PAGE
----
Americans’ outlook of the U.S. economy rose in June to a one-year high, driven by an improving job market that has the potential to boost spending.
American consumers paused for breath in May as retail sales climbed less than forecast following an impressive three-month run, tempering forecasts for a rebound in growth this quarter.
Retail sales rose less than forecast in May as American consumers took a respite following a three- month surge in shopping that has underpinned economic growth.
Less is more for the U.S. economy, which suffered its first contraction since 2011 last quarter.
Lowe’s Cos., the second-largest U.S. home-improvement retailer, posted first-quarter profit that topped analysts’ estimates as better merchandising choices helped it withstand weaker demand caused by harsh weather.
American shoppers dialed it back in April after spending at the fastest pace in almost five years.
Contracts to purchase previously owned homes rose for a second month in April, a sign the residential real estate market is stabilizing after a weak start to the year.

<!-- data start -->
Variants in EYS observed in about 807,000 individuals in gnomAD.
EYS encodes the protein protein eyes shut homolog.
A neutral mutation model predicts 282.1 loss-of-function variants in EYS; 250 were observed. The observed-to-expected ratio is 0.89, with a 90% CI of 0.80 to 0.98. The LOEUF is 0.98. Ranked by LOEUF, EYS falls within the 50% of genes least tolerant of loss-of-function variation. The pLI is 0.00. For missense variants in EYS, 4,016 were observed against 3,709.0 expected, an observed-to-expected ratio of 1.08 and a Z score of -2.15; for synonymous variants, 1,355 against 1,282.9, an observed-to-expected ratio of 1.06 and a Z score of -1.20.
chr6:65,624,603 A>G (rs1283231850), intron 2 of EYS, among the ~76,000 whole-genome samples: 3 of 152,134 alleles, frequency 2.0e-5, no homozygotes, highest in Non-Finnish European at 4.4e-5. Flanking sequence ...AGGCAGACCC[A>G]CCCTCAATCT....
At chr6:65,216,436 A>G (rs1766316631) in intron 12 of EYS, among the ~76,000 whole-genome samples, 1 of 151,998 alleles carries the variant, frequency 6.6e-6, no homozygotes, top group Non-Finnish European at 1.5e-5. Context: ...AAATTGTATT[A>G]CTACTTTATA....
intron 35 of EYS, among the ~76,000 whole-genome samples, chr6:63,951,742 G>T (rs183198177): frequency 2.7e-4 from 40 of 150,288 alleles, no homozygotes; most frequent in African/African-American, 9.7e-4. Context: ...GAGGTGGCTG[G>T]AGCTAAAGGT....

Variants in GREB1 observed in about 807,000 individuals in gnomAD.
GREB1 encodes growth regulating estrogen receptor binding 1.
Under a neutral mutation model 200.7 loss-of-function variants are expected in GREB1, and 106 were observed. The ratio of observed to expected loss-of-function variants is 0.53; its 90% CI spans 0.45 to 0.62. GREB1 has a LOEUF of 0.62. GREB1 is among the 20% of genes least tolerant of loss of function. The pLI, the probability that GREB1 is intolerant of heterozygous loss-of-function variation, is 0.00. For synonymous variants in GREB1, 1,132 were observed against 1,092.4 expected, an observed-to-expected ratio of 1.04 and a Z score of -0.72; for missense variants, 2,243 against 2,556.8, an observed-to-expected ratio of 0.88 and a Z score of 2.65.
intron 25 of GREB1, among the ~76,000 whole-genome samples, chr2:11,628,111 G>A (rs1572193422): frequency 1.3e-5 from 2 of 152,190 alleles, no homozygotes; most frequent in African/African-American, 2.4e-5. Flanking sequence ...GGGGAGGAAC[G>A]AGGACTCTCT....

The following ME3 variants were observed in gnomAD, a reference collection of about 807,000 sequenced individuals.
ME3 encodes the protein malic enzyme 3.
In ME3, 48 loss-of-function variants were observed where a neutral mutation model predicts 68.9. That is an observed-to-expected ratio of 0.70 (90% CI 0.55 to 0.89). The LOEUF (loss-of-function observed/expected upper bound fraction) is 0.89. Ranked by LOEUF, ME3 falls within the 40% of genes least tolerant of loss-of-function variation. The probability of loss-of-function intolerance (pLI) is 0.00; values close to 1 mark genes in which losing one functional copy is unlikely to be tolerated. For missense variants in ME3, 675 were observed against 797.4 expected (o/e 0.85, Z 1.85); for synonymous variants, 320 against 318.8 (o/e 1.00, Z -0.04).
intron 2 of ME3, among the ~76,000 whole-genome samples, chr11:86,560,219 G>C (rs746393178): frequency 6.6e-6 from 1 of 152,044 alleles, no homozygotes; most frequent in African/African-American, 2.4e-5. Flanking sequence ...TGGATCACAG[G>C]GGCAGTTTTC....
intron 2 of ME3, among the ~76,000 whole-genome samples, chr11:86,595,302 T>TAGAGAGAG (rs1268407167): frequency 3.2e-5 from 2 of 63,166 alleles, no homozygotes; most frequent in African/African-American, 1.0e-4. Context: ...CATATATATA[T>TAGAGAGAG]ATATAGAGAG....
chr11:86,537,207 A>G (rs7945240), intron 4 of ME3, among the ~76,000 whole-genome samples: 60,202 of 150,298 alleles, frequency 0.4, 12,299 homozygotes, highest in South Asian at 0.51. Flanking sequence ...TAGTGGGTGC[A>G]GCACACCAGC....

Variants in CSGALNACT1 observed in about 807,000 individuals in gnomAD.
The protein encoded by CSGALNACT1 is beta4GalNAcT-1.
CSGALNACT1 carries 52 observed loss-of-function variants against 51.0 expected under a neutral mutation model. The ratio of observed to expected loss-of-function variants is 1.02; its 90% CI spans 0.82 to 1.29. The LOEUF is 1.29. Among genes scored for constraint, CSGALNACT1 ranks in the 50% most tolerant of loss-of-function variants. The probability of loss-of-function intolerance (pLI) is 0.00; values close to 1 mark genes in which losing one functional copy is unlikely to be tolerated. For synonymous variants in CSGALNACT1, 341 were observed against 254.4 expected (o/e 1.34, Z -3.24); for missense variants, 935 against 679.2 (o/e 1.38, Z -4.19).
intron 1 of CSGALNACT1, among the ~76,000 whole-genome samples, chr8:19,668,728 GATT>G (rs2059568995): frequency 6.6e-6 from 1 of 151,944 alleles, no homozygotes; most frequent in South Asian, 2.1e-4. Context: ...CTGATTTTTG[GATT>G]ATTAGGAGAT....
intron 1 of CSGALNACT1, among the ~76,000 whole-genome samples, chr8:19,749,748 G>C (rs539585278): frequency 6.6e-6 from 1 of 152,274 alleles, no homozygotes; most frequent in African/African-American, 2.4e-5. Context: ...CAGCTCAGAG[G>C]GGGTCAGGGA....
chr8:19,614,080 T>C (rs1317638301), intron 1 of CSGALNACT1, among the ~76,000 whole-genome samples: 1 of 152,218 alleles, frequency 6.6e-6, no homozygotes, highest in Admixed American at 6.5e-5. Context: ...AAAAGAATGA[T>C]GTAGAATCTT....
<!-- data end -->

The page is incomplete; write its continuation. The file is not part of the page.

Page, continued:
Home prices in 20 U.S. cities rose at a slower pace in the year ended in March as the housing market began to weaken at the start of 2014.
Previously owned U.S. home purchases increased in April as a bigger supply of properties lured buyers and raised prospects for a stronger spring buying season.
More Americans than projected filed applications for unemployment benefits last week, showing uneven progress in the labor market.
"Homeowners increasingly believe that improvements made to their homes will increase their value, and consumers' views around personal finances continue to improve."
- Robert Niblock on Jun 12, 2014